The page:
Stocks got downright ugly on Wednesday. So much so that going into the final half hour, the Dow Jones Industrial Average had plunged some 720 points, or more than 2.7%.
What makes today’s sell-off more uncomfortable and potentially worrisome going forward is that it comes after more than a week of strong selling, and one that’s shaved off more than 4% of the Dow’s value over the past five trading sessions.
Chart courtesy of stockcharts.com
And it’s not just the Dow. The S&P 500 and NASDAQ Composite are similarly lower, with the tech-heavy NASDAQ leading the charge into the red and down nearly 7% over the past week.
And speaking of tech, that sector is down some 3.5% today, as the Technology Select Sector SPDR (XLK) now has plunged precipitously below support at the short-term 50-day moving average.
Chart courtesy of stockcharts.com
So, what’s the main culprit causing investors to de-risk in droves here?
Well, the first cause is the one grabbing most of the financial news headlines, and it’s the sharp and sudden rise in Treasury bond yields. The yield on the benchmark 10-Year U.S. Treasury Bond now is at 3.22%, a level not seen in about seven years.
Then we have a Federal Reserve that has stayed committed to raising interest rates. Recent comments by Fed Chair Jerome Powell, in which he said that the Fed could go “past neutral” and that he thought rates were “a long way from neutral at this point,” raised concerns that monetary policy would become too strict, and that this could be a chokepoint for the economy.
Another reason for the market tumble was Monday’s earnings warning from bellwether chemical firm PPG Industries (PPG). The makers of specialty paints and coatings warned that earnings would be weaker in both Q3 and Q4. More importantly, the company cited every worry that keeps market analysts like me up at night, such as higher input costs and reduced international demand for its products weighing on its bottom line.
Rising interest rates are one thing, but markets can handle that if the reason for rising rates is a stronger U.S. economy, strong jobs growth and a robust U.S. dollar. Yet if corporate earnings from industrial bellwethers are about to come in substantially softer than expectations, then that means that one of the key pillars that’s buttressed this rally for the past year and a half now is under threat.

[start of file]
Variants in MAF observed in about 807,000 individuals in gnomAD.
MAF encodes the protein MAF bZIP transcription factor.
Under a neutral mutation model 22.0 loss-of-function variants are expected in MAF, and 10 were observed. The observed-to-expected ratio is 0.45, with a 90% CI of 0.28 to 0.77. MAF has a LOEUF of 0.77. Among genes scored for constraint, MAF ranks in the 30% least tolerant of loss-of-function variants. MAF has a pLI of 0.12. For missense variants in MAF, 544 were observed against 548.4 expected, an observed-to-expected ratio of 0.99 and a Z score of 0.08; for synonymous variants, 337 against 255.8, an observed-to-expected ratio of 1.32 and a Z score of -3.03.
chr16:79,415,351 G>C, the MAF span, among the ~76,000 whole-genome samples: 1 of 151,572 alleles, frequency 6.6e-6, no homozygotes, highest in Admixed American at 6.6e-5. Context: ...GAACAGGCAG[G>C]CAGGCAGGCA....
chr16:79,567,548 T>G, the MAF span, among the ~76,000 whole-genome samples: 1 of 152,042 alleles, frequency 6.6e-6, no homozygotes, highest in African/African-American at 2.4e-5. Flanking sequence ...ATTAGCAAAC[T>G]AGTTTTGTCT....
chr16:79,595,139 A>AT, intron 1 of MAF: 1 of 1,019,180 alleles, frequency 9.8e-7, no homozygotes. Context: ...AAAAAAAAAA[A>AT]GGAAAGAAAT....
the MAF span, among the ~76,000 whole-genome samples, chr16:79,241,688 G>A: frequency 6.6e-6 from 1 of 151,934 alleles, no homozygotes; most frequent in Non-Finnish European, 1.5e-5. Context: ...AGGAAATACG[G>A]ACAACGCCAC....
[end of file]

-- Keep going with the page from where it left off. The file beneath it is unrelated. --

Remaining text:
Over the next couple of weeks, we’ll see the actual third-quarter numbers coming from many of Wall Street’s biggest names. If the collective corporate outlooks are timid, weaker than expected or just too cautious, then that will be a reason for more risk-off trading in this market.
That means you should expect to see some of the froth come off the highest-valuation sectors, i.e., technology, semiconductors, biotech and other growth sectors. That also means we expect to see flight-to-safety sectors such as utilities, consumer staples and value stocks outperform. That’s largely the rotation we saw today, and if this continues, it will change the complexion that’s colored the 2018 market.
Finally, I had a friend call me mid-morning (when the Dow was “only” down 500 points) and ask me why this sell-off was taking place.
My answer was that the real question he should be asking was why it took so long for a pullback to finally occur.
Markets don’t keep making record highs forever. I know it may seem like that if you suffer from recency bias in the 2018 market, but remember that volatility, fear and accelerated selling are all part of the normal ebb and flow of markets.
Does it feel bad to be long stocks on a day like today?
You better believe it does! I know I’ll be reaching for the Advil later today. Yet when my headache subsides, and the markets are closed, I’ll also be digging through the detritus, looking for great companies selling at a discount compared to where they were just a week ago today.
I recommend you do the same.
On days like today, wouldn’t it be nice to know you had a plan in place to tell you if it’s time to sell stocks? That’s what subscribers of to my Successful Investing advisory service have, and it’s why I think they’ll be sleeping a lot better tonight than investors who are just rolling the dice. To find out more, check out Successful Investing today!